You may have noticed that it took me a long time to get to this one. 
It may very well be on its way out of theaters by the time you read
this. I really didn’t care enough about this movie to go see it, until I
read this
. Against what I’m sure was the review’s intention, I just
had to go see what had prompted this concise and implicitly venomous

Then I sat down to the theater and knew almost instantly that I
wasn’t going to like it.

Right from the start, the writing in this movie is atrocious.
Suspending disbelief is made impossible by all the various moronic plot
holes and I’m not exaggerating when I say that every single line of
dialogue is totally laughable. The attempts at exposition are perhaps
even worse, told through conveniently-timed exposition and more horrible
dialogue. One character actually says of himself that “Germans don’t
joke,” making for an unholy trinity of awkward exposition, unrealistic
speech and idiotic stereotyping.

That line of dialogue was spoken by Mike Krause, the husband to
Angelina Jolie’s eponymous Evelyn Salt. For the record, here
is a picture of August Diehl, the man who plays Mike. Yeah, that’s
supposed to be the husband to Angelina friggin’ Jolie. It shouldn’t
exactly come as a shock that there’s absolutely zero chemistry between
them. This wrecks havoc on Salt’s characterization, because the
motivations and development of our protagonist revolve entirely around
her husband.

In fact, Jolie actually has more chemistry with Liev Schreiber, but
this does not save him. Schreiber spends the first half of the movie as
the token one-dimensional character who thinks that our heroine might be
innocent. He’s even worse off in the second half, saddled with buckets
of exposition about implausible story twists that I couldn’t even begin
to care about.

Opposite Schreiber is Chiwetel Ejiofor, who plays the Homeland
Security heavy who’s out to catch Salt. I really like Ejiofor. Ever
since Serenity, I’ve been eager to see another film make such
good use of his talents (I don’t really count Children of Men,
because he was more of a background character in that one). And I’m
gonna have to keep waiting. Ejiofor is given absolutely nothing to work
with here, serving only as an obstacle who never poses any real threat
to Salt. Moreover, the only time when he really gets out to do some
action is when he shoots at Salt, who is riding on top of a fuel truck
at the time.

That’s right: Ejiofor’s character shoots at a gas truck. A guy shoots
at a gas truck in this movie. I don’t know what’s more stupid: That a
trained and high-ranking Homeland Security officer could ever plausibly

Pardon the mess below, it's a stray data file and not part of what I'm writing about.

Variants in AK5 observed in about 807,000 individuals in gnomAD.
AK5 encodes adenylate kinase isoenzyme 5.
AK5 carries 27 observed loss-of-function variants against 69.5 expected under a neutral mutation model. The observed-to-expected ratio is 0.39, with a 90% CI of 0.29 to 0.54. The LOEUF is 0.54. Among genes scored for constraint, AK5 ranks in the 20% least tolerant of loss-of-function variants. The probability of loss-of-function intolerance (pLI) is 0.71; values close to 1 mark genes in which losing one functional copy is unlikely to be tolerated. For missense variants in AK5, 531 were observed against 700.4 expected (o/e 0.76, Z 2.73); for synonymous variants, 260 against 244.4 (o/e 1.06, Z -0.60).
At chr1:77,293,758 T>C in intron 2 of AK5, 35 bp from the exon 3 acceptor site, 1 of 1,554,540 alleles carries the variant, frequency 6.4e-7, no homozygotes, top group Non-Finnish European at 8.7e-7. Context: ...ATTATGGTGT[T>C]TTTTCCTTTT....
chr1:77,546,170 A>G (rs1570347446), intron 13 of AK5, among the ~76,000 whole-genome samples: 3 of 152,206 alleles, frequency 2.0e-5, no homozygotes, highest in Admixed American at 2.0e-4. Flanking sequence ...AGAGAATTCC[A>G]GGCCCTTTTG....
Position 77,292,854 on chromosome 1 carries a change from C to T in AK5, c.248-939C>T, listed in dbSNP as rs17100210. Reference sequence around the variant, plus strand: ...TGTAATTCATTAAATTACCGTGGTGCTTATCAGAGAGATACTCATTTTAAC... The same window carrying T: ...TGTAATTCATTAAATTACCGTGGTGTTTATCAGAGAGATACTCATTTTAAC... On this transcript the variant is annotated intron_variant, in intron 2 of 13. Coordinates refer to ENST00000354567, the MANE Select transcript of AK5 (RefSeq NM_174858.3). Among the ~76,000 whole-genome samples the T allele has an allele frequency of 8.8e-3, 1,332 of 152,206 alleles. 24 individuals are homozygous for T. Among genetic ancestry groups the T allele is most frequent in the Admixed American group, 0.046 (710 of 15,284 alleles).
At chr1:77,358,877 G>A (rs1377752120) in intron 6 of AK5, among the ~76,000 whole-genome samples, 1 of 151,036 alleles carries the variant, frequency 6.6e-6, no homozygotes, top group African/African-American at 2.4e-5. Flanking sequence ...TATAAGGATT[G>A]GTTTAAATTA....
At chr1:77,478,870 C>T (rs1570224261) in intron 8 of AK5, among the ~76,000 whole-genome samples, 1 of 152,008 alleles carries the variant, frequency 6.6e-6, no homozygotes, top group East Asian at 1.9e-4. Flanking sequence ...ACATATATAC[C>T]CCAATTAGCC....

be dumb enough to discharge his weapon anywhere near a gas truck or that
the truck in question didn’t go ahead and blow up.

Additionally, in the movie’s very first big action scene, Salt goes
from a locked and monitored interrogation room to an elevator.
Offscreen. And how she gets from point A to point B is never explained.
If the movie didn’t lose me before, it sure as hell lost me then.

The fight choreography is totally uninspired and the camera work does
absolutely nothing to make it compelling. All that’s left to carry any
emotional weight is the score, which compensates for the lousy visuals
and bad writing by being as loud and bombastic as it can be at all
times. It does a lot more harm than good.

Then there’s the star of this movie, Angelina Jolie. I almost felt
sorry for her during the film, because she’s so obviously past her
prime. The makeup crew didn’t even bother covering her age lines through
most of this movie and the lame fight choreography suggested that she
might be getting too old for the more fast-paced fighting that’s in
vogue right now. But most damning of all is the nature of the role she
took. It’s not easy to keep an audience invested in a character whose
past is subject to revision and whose motivations are entirely unknown,
but the entire movie hinged on it. Salt needed an actress who could
always keep her engaging and mysterious simultaneously. You’d think
Jolie could’ve handled that. She couldn’t. Or maybe she just didn’t.

However, I will grant one thing to Salt: The pacing. This film
moved along at a very brisk clip, only lagging during a few brief and
well-placed flashback sequences. The narrative is very efficient at
getting us through the 100-minute running time, though that only serves
to hustle us toward the godawful third act.

The climax of this movie contains a character reveal that takes this
movie from implausible to incomprehensible. Even if there was some way
to sort through all the mumbo-jumbo to show how it all makes sense (I
doubt there is), these characters are so unsympathetic that I can’t
imagine anyone giving enough of a rat’s ass. After that, there’s an
implausible story twist that’s totally inconsequential, as well as a
ridiculous ending that does absolutely nothing except maybe set things
up for a sequel (yeah, good luck with that).

And when all is said and done, what was the point? Was there
something to be said about the USA’s foreign relations policy? Maybe
some commentary about the War on Terror and/or the Patriot Act? A call
for the American and Russian governments to start dismantling their
nukes? No, no and no. There is absolutely nothing in this movie that
warrants a metaphorical or allegorical reading. It’s just a movie about
duplicitous CIA agents. The film gives us characters with shifting,
uncertain allegiances and tries to pass it off as intellectual.

The sad thing is that Salt was not unsalvageable. This cast
and this premise might have been used to make something really special
if the writing and direction weren’t totally incompetent. There’s
definitely room in the film world for a compelling “spy vs. spy”
thriller. This wasn’t it. Instead, it’s a failure on nearly every level.